Eleven days ago, Politico’s David Siders imagined the ways in which the spread of the coronavirus might curtail routine campaigning activities at the height of the 2020 election cycle. “Think sickly field organizers, restrictions on staff travel… and rallies no one wants to attend,” he wrote. In electoral terms, the article already feels like a relic of a bygone age—it quotes Amy Klobuchar, Elizabeth Warren, and Michael Bloomberg, who have since dropped out of the race, and notes that a mass cancellation of rallies might help Bloomberg, given his prodigious ad presence on TV and online. (So much for that.) But in virus terms, it’s starting to feel prescient.
The coronavirus hasn’t yet caused a major recalibration of the campaign, but minor disruptions are racking up. Joe Biden and Bernie Sanders—who, along with Trump, are squarely in the age bracket that should be most concerned about the virus—have both indicated that they’ll carry on holding rallies for now, but will stop should federal and local health officials advise them to do so. On Sunday, David Weigel, who’s following the campaign for the Washington Post, noted that on the Democratic side, we’re already seeing “a little less hands-on candidate access after events.” Yesterday, Biden, the consummate retail politician, confirmed to MSNBC’s Lawrence O’Donnell that he’s not shaking voters’ hands like he used to. (“It’s awfully hard,” Biden said.) Some events that Biden and Sanders were invited to attend—a dinner in Washington state, and an AFL-CIO forum in Florida—were canceled, as was a Women for Trump bus tour in the Midwest. (The Trump campaign said the coronavirus wasn’t responsible for this, but the husband of one of the attendees is believed to have been exposed.) Trump’s campaign says it will schedule more rallies imminently, but it didn’t hold one last night in any of the states that vote today—breaking the president’s cycle-long habit of counterprogramming the Democratic primaries. Trump did greet supporters in Florida on a rope line yesterday. (David Nakamura, of the Post, said he saw a photo of it while a former Secret Service agent was telling him, in a phone interview, that politicians should “forget about rope lines” as they represent the “ultimate threat” of infection.)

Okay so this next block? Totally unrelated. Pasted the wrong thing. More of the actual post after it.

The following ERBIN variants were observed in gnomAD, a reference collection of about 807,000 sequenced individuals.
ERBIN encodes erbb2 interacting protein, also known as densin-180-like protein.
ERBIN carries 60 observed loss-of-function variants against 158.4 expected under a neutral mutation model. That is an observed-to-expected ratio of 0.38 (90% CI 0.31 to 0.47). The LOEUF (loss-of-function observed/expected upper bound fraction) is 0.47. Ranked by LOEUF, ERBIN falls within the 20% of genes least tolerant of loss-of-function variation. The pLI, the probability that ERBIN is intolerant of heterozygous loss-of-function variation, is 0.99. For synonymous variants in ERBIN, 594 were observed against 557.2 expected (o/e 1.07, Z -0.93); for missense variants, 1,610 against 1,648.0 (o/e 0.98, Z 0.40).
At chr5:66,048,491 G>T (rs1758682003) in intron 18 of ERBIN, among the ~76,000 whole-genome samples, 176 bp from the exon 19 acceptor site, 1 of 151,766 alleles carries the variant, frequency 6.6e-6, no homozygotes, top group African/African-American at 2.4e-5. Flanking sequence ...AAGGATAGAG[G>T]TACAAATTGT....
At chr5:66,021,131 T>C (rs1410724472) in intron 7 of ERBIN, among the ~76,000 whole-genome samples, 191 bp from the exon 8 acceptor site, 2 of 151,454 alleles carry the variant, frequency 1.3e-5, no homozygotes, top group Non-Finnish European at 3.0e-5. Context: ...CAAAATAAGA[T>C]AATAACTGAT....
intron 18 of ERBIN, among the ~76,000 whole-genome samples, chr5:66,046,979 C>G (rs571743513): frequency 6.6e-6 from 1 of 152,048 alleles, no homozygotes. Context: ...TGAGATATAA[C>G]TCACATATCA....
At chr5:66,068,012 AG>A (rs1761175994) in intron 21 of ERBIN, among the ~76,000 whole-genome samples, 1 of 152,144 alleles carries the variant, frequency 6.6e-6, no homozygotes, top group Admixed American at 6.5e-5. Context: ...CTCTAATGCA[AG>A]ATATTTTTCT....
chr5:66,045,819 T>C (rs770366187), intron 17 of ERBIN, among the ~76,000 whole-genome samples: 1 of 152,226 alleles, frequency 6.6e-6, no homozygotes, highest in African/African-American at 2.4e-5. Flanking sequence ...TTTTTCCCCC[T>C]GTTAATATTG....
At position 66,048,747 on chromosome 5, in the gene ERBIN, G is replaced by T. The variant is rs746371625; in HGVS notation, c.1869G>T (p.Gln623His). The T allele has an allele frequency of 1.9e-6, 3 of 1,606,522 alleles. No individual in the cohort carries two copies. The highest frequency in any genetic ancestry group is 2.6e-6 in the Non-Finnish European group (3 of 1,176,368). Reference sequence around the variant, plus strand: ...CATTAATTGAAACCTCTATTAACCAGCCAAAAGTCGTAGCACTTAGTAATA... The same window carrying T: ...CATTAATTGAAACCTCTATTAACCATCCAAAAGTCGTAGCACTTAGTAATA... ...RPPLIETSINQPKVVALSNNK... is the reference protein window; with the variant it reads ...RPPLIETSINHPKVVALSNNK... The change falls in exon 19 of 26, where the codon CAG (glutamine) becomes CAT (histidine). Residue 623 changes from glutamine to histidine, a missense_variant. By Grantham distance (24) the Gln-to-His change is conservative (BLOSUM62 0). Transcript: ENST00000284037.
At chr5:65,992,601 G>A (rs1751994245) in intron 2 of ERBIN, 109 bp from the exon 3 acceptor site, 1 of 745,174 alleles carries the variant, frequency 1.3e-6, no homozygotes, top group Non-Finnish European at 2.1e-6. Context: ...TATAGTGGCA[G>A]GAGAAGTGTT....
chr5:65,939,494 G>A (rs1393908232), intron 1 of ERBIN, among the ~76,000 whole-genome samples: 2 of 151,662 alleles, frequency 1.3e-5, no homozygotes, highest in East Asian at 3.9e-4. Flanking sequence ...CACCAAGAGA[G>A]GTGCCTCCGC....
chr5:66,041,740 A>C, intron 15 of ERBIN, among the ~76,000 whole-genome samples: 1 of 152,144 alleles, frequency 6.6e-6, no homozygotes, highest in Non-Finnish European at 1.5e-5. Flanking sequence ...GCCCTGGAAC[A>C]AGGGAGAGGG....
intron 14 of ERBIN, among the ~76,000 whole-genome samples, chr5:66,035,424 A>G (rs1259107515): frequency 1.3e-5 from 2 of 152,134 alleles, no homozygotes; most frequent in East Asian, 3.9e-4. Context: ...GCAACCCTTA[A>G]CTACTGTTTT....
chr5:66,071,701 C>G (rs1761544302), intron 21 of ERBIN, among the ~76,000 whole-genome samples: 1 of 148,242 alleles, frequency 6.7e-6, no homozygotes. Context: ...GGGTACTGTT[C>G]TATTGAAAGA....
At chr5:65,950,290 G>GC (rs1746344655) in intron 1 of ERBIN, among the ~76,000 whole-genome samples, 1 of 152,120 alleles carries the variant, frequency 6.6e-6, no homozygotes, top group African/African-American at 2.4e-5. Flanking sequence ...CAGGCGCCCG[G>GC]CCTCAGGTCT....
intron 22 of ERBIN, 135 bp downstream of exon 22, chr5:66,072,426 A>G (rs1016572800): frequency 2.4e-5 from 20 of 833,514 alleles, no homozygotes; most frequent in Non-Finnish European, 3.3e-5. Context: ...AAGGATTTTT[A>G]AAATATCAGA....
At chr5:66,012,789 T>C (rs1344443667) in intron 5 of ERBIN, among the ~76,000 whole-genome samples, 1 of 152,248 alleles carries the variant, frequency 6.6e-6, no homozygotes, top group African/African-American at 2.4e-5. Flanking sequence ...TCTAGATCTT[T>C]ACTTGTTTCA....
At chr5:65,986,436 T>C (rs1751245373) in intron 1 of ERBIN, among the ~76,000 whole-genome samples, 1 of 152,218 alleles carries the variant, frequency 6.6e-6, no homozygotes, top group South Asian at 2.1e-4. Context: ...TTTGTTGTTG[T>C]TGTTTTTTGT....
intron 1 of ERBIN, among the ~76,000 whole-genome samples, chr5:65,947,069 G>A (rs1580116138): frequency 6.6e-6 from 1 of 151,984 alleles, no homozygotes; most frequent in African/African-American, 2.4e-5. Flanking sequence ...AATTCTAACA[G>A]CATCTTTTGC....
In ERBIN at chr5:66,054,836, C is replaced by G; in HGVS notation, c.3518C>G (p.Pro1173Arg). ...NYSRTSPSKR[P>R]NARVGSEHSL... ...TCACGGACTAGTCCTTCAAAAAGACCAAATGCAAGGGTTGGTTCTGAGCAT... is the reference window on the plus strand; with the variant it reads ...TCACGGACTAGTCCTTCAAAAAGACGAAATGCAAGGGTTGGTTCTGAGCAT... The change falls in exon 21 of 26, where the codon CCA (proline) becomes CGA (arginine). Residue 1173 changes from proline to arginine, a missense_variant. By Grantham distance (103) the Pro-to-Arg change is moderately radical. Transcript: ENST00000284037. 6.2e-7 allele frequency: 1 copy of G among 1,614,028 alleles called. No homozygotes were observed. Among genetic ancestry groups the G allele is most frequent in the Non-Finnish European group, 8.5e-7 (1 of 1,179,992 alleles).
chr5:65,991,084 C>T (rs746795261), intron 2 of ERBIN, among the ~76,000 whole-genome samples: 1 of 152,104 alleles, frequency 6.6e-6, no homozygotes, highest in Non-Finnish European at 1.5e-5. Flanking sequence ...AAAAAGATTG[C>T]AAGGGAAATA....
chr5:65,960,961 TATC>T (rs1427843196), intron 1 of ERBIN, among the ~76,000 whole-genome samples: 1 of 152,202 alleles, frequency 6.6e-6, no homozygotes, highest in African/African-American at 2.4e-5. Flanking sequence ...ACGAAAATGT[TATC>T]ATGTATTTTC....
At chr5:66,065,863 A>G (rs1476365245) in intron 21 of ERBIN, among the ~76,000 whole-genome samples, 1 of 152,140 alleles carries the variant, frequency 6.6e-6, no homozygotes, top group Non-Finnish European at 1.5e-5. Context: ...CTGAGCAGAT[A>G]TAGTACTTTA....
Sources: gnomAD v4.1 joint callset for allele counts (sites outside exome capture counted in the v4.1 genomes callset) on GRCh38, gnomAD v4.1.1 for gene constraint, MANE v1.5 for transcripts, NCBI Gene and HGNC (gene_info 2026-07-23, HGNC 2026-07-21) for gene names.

Journalists, of course, stand to be affected by all this. If candidates start to limit their movements, the reporters who have been following them around will have to do likewise, limiting their opportunities to hear them speak and ask questions; if rallies are canceled, we’ll have fewer chances to hear directly from supporters. Clearly, potential access problems aren’t limited to the campaign trail; from today, for example, reporters covering major sports leagues including the National Basketball Association and Major League Baseball will be excluded from teams’ locker rooms and clubhouses. Nor is access the only concern; like politicians, some journalists fly all around the country—and the world—meeting people, then returning to busy offices in big cities. We often think of ourselves as neutral observers standing outside the stories we cover. Viruses don’t respect such wishes.
Already, this has moved beyond hypotheticals. In recent days, it emerged that attendees at the annual Conservative Political Action Conference in Maryland may have been exposed to the virus. Several lawmakers who were in attendance—Republican Sen. Ted Cruz and Reps. Paul Gosar, Doug Collins, Matt Gaetz, and Mark Meadows, Trump’s incoming chief of staff—have quarantined themselves. (Yesterday, Gosar tweeted that he’d “been thinking about life and mortality today,” and concluded that he’d “rather die gloriously in battle than from a virus.” Trump also attended CPAC, but has yet to be tested for the virus.) Yesterday, Washingtonian’s Andrew Beaujon reported that journalists who covered CPAC for the Post, Politico, the Daily Beast, and Mother Jones have been asked to self-isolate, too.